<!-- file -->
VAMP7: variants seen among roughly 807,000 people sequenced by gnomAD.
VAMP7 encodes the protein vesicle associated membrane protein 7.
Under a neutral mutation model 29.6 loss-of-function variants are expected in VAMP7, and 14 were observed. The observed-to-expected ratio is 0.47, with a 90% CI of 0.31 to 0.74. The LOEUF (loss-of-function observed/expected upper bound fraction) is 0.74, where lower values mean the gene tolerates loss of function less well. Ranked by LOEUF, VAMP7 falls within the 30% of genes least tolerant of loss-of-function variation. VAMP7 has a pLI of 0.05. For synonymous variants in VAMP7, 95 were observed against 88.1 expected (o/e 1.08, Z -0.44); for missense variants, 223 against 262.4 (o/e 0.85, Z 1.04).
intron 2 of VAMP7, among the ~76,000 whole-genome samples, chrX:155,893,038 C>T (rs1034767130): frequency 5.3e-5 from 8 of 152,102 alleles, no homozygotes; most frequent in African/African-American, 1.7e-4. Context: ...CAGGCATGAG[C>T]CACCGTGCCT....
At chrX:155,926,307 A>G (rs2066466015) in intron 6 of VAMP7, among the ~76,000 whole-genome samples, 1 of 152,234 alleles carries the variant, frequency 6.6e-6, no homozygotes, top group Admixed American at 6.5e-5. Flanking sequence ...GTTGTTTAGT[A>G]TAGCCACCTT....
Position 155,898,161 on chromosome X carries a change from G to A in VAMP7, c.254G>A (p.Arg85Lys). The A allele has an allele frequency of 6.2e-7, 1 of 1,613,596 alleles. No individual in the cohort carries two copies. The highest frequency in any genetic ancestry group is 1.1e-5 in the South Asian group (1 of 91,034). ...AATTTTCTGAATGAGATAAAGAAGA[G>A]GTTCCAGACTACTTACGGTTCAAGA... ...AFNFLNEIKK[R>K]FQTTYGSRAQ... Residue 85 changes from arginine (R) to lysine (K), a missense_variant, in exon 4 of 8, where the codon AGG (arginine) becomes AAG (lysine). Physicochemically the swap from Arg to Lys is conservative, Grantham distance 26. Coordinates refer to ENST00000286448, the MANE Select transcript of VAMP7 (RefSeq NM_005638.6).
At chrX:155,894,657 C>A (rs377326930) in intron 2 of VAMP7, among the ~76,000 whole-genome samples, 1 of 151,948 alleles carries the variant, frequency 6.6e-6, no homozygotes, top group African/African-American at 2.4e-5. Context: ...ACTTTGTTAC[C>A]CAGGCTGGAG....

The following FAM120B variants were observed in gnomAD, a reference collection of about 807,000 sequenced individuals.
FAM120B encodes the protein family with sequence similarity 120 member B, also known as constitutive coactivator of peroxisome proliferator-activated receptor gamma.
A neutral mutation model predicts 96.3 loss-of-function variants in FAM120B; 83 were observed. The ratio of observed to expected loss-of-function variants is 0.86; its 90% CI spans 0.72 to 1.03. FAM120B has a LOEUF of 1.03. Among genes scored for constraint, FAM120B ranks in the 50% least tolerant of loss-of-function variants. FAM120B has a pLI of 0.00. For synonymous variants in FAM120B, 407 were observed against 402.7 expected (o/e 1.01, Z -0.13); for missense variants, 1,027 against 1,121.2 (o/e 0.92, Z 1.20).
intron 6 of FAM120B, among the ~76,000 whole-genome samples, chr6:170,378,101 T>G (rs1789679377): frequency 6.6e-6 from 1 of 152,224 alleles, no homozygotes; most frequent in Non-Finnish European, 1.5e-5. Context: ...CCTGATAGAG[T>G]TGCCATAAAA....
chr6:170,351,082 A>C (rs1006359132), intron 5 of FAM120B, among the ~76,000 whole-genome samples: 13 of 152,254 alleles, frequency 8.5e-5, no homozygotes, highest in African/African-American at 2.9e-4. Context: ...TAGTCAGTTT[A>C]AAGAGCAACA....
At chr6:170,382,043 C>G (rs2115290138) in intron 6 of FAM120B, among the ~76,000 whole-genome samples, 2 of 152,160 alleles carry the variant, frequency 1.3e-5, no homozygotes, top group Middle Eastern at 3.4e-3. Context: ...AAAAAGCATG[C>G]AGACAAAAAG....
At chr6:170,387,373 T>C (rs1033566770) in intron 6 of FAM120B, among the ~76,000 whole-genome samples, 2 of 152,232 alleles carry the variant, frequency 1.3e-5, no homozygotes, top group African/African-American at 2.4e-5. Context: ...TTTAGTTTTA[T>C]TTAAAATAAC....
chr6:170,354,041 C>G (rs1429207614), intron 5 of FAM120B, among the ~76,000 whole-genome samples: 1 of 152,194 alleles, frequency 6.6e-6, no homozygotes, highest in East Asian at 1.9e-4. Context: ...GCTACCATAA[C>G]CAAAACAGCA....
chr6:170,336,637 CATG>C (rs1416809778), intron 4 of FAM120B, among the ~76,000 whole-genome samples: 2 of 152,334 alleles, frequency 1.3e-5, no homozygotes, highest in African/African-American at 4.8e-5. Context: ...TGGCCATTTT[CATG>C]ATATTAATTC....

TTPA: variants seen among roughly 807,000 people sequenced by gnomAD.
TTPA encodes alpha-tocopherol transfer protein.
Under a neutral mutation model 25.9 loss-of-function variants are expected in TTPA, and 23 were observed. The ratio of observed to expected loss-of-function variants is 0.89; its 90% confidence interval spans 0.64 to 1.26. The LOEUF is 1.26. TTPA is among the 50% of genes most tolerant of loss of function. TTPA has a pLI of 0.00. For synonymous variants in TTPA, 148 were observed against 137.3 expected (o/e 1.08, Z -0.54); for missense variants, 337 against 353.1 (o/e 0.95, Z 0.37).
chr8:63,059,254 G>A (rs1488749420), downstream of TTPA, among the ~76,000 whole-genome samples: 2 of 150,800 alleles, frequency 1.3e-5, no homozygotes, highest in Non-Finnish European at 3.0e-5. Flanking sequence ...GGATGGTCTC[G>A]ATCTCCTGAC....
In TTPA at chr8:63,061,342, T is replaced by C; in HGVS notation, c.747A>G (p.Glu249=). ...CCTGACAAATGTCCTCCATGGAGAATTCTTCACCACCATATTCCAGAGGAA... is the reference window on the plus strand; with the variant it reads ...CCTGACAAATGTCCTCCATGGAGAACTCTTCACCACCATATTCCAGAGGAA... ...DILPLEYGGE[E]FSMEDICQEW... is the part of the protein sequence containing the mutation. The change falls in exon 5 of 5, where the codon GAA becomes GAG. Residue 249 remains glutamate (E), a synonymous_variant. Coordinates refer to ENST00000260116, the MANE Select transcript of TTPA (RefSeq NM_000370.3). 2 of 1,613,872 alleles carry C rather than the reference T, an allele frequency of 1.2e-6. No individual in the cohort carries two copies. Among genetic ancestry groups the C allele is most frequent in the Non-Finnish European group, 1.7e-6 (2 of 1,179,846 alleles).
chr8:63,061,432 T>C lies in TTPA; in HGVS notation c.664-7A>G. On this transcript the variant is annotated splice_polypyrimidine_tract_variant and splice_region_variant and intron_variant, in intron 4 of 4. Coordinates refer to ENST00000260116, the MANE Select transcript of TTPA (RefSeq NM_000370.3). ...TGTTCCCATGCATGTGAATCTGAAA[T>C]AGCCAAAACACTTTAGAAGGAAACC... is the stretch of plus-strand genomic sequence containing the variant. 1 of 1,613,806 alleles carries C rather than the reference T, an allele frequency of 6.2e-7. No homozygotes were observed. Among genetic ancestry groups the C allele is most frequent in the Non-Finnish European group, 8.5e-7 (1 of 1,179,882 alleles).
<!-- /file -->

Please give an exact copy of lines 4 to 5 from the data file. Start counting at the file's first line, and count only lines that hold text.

intron 2 of VAMP7, among the ~76,000 whole-genome samples, chrX:155,893,038 C>T (rs1034767130): frequency 5.3e-5 from 8 of 152,102 alleles, no homozygotes; most frequent in African/African-American, 1.7e-4. Context: ...CAGGCATGAG[C>T]CACCGTGCCT....
At chrX:155,926,307 A>G (rs2066466015) in intron 6 of VAMP7, among the ~76,000 whole-genome samples, 1 of 152,234 alleles carries the variant, frequency 6.6e-6, no homozygotes, top group Admixed American at 6.5e-5. Flanking sequence ...GTTGTTTAGT[A>G]TAGCCACCTT....